U.S. President Donald Trump praised Hungarian Prime Minister Viktor Orban on Monday, describing him as "like me, a little controversial", and brushing off concerns about threats to democratic norms in Hungary during Orban's tenure. We urge you to raise these issues in your meeting with the Prime Minister. Trump went on to warmly praise the Hungarian leader: "He's a respected man".
Asked about democratic backsliding in Hungary, Trump called Orban "a tough man", but added that he's "a respected man", too.
But there is an irony in Orban's stance against immigration, as he closes borders and calls for an "anti-immigration axis" with other populists in Europe.
MICHELE KELEMEN, BYLINE: Hungarian human rights lawyer Marta Pardavi is anxious about where her country is heading. She's watched Viktor Orban's government demonize groups like hers - the Hungarian Helsinki Committee - which provides legal services for asylums-seekers and for Hungarians.
KELEMEN: Speaking via Skype, Pardavi says the Orban government has been passing laws that have no place in a democracy.
Of particular concern are the increasingly close ties between Hungary - a North Atlantic Treaty Organisation member - and Russian Federation.
For his part, Orban reminded reporters "that so many Hungarians contributed to the tremendous progress of the United States".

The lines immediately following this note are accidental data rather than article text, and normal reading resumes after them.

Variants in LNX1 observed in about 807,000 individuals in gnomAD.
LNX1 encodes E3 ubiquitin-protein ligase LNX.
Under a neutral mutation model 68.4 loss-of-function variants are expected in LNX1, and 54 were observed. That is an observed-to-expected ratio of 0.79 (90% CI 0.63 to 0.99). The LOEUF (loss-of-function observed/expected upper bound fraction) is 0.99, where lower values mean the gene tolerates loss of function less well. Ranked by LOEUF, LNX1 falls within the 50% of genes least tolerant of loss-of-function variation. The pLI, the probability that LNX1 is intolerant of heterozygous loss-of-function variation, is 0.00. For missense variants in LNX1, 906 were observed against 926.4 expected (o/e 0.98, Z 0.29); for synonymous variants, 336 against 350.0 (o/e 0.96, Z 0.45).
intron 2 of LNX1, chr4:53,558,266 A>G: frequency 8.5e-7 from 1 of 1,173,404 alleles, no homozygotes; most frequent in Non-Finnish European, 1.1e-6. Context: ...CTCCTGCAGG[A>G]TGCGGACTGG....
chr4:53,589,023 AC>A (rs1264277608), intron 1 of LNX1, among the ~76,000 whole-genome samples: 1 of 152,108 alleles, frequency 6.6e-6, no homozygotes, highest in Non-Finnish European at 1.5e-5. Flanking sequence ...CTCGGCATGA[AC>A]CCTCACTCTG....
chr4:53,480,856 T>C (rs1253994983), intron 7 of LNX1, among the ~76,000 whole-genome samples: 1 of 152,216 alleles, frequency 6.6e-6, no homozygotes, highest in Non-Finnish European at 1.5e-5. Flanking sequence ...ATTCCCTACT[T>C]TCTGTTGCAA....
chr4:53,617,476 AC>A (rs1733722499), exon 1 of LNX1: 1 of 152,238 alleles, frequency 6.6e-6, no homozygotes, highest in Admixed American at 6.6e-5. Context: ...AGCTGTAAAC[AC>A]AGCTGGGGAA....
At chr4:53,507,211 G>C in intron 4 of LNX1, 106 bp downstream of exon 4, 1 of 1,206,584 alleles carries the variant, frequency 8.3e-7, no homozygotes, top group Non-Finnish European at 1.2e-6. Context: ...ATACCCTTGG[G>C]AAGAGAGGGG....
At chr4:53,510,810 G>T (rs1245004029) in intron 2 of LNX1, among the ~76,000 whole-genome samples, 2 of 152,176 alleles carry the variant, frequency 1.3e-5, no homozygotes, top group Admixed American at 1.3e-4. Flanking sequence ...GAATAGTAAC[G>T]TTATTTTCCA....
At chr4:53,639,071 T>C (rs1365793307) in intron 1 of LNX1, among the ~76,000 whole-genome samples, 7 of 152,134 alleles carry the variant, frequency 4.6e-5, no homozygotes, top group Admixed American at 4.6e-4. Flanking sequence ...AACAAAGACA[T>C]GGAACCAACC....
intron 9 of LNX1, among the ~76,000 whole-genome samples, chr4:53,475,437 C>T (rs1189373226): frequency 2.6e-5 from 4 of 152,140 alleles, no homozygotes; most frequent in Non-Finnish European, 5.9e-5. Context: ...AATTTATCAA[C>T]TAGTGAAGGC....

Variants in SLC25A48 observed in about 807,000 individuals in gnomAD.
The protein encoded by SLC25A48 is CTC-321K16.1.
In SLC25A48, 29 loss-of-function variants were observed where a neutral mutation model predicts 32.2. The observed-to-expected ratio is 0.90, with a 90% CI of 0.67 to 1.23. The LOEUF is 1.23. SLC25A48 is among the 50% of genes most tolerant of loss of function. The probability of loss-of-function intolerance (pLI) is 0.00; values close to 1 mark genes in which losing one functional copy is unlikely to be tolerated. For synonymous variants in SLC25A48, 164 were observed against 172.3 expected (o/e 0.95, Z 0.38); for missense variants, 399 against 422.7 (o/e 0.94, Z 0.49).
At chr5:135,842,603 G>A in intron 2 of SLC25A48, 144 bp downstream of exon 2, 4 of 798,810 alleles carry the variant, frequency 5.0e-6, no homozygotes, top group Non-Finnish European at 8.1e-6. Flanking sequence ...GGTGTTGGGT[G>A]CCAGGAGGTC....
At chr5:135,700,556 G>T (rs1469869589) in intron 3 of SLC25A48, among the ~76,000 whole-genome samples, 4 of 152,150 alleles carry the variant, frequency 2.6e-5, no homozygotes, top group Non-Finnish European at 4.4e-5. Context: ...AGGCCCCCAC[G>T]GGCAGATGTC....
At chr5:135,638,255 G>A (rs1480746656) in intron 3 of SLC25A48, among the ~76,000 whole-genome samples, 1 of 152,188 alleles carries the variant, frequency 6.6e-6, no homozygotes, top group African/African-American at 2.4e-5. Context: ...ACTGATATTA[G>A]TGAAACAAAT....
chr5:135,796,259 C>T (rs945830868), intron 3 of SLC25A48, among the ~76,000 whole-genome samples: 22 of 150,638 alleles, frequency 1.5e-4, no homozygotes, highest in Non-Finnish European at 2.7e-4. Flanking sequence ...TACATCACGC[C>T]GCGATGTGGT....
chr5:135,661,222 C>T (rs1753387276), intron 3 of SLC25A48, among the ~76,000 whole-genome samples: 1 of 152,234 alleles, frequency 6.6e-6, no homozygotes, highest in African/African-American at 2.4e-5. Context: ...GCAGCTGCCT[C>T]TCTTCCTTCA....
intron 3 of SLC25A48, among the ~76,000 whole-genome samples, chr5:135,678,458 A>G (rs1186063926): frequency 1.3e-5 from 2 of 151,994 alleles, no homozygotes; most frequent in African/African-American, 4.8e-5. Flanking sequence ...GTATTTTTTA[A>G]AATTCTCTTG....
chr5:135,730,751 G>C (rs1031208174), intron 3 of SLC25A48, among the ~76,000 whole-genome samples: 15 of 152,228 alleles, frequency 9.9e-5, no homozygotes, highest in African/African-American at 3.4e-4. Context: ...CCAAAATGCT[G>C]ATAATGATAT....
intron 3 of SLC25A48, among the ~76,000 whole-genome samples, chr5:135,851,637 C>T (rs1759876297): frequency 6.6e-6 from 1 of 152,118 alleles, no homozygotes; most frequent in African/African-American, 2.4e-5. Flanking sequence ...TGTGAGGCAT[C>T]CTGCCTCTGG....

John Yoo, the former Justice Department official who justified the torture of detainees under President George W. Bush, warned Trump against crossing the limits of presidential power.
Ahead of Monday's meeting, a bipartisan group of US senators on the Foreign Relations Committee wrote to Trump to ask him to urge Orban to return to the democratic roots and values that defined Hungary's post-Cold War relationship with the USA and Europe.
In 2017, Trump met in Manila with Philippine President Rodrigo Duterte, who has attacked USA security policies and launched a crackdown on illegal drugs that has claimed the lives of thousands of mostly poor drug suspects. On Monday that day had arrived and Trump received Orban at the White House for just over an hour. "Orban was essentially running a political platform on the basis of an anti-immigration message", said Berschinski, now a senior vice president at Human Rights First.
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Then again, Orban got to hear a cascade of praise from the United States president.
"The week that I was in Hungary, CNN published a poll showing that Hungarians had become the most anti-Semitic country in the whole of Europe", Foer said. And he was one of the first European Union heads of government to congratulate him, nearly euphorically, on his election in November 2016. "And his face was put against a black backdrop, and money was raining down".
CORNISH: Human rights activists are concerned about the signals Trump is sending with this meeting, as NPR's Michele Kelemen reports. "Parallel societies? Muslim communities living together with the Christian community?"